Wild Thyme Restaurateur is Pickled Pink in New Westminster - West Coast Food

By Kristi Alexandra

Eighteen months ago, Marwan Kanj revolutionized cuisine on New Westminster’s Twelfth Street. While the street is dotted with eateries that smell of Eastern influence, Kanj’s Wild Thyme brought full, authentic Lebanese meals to diners beyond the grab-and-go.

Wild Thyme is the definition of “homey.” With just 12 seats, diners will want to get chummy with their neighbours or take a peek at the wood-burning stove that warms the entire space (and, of course, cooks the flatbread). Be prepared to get cozy and hunker down for a several-course meal over small, crowded tables — and try not to sweat the line-up that is sometimes out the door.

Upon entering the quaint Lebanese eatery, rows of pickled vegetables catch the eye; they’re lined on ledges near the cash register in repurposed glass jars. Cauliflower, turnips, carrots, and baby eggplant fill the jars, tinted pink by beet juice.

The best part? Everything from the flatbread to the pickled vegetables that complement the kofta bowls and man’oushe is made by hand. At the moment, they’re not for individual sale – but that could all change soon.

“We’re expanding into the next shop,” Kanj reveals as he serves our table humous, roast pepper dip and a garlic dip thickened with egg whites. He points to the east-facing wall, and behind it is a now-closed tattoo parlour. With the expansion will come new developments, like serving alcohol and, hopefully for us, selling jars of pickled vegetables to take home.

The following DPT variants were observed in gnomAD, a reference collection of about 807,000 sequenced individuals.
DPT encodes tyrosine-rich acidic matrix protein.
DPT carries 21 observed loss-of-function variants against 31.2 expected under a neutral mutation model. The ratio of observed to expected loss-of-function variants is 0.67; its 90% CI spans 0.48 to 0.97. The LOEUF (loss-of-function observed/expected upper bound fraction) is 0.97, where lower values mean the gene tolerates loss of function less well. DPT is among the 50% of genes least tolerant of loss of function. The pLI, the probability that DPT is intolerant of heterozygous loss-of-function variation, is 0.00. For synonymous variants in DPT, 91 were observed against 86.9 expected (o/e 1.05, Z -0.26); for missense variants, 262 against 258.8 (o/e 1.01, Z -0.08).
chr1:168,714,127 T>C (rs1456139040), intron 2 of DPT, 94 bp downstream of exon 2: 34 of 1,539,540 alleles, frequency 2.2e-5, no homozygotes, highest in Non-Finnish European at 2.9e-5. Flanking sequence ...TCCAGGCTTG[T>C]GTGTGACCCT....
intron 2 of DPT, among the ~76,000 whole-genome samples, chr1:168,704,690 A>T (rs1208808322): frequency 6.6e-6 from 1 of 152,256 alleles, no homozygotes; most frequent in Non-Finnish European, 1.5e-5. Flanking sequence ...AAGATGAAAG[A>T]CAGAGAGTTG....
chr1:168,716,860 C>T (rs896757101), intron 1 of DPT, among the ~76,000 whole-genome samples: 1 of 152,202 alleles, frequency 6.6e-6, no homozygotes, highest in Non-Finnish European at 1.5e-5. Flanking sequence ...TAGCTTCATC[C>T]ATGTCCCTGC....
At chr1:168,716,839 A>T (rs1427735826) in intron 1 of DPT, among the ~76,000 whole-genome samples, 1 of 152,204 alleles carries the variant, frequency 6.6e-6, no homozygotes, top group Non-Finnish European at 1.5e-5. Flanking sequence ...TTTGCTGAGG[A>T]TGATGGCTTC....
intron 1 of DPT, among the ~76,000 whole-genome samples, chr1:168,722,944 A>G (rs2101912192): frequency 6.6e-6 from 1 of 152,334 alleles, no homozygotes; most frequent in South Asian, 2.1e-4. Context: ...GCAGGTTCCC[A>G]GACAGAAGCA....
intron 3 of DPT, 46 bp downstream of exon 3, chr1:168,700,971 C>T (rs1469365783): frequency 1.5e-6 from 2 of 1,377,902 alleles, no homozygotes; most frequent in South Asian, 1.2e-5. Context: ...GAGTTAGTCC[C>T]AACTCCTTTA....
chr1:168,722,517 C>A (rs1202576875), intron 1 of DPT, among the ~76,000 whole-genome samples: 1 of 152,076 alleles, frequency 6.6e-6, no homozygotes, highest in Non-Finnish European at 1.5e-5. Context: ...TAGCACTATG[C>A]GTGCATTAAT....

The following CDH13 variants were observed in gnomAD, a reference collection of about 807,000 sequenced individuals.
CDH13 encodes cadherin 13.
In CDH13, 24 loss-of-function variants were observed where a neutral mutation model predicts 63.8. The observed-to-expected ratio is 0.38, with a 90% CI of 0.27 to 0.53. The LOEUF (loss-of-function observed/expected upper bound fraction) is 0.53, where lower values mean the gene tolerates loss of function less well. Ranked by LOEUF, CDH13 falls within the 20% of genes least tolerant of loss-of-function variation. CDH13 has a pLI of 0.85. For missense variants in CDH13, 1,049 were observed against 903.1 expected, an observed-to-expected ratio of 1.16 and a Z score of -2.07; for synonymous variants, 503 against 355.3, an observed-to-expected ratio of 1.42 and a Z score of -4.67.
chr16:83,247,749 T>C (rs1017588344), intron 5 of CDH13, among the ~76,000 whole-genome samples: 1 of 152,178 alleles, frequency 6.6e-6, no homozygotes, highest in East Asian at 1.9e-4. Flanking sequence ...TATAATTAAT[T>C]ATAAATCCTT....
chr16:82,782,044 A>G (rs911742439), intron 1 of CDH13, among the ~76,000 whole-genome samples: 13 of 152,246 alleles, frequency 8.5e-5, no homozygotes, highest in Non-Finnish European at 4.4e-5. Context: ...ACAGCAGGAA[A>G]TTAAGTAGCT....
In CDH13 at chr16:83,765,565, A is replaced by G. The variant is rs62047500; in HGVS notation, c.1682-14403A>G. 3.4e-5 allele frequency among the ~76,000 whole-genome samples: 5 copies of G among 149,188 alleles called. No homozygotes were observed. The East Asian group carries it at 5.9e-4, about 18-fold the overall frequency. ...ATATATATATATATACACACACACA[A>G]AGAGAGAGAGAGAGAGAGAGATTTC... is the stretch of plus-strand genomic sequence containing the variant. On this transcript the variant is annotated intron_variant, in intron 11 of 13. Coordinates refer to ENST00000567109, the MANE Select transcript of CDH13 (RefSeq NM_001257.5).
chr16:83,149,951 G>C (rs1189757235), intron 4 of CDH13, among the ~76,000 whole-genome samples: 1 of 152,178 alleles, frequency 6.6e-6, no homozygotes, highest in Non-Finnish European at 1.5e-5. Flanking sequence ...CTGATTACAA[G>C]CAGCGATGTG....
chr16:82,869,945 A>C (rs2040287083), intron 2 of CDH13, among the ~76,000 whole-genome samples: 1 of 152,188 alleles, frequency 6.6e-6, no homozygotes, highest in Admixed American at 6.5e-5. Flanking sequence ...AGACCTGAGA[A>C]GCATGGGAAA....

Tauk chicken and rice

“I’ve read that some people have said we don’t serve alcohol because it’s not part of our culture,” Kanj reveals. For all its popularity, Wild Thyme doesn’t have a website – but if the culinary haunt’s Yelp page is any indication, they really don’t need one.

“It’s simply not true. Lebanese food and alcohol go together,” he continues, presenting a garlic-rich kofta on flatbread and a fattoush salad. Fattoush salad, full of fresh mint, cucumbers, lettuce and ruby-coloured pomegranate seeds, he claims, is the second-most important vegetable dish in Lebanese cuisine.

“We’re looking forward to showing our customers our Arak, Lebanese wines, and a famous Lebanese beer called Almaza,” Kanj says.

Fattoush salad

Even with the expansion, foodies in New Westminster (and beyond) will be hard-pressed to find an empty seat in the joint. But you can always pop in to ask for takeout, with a side of pickles.

Wild Thyme
705 12th St.
New Westminster, BC

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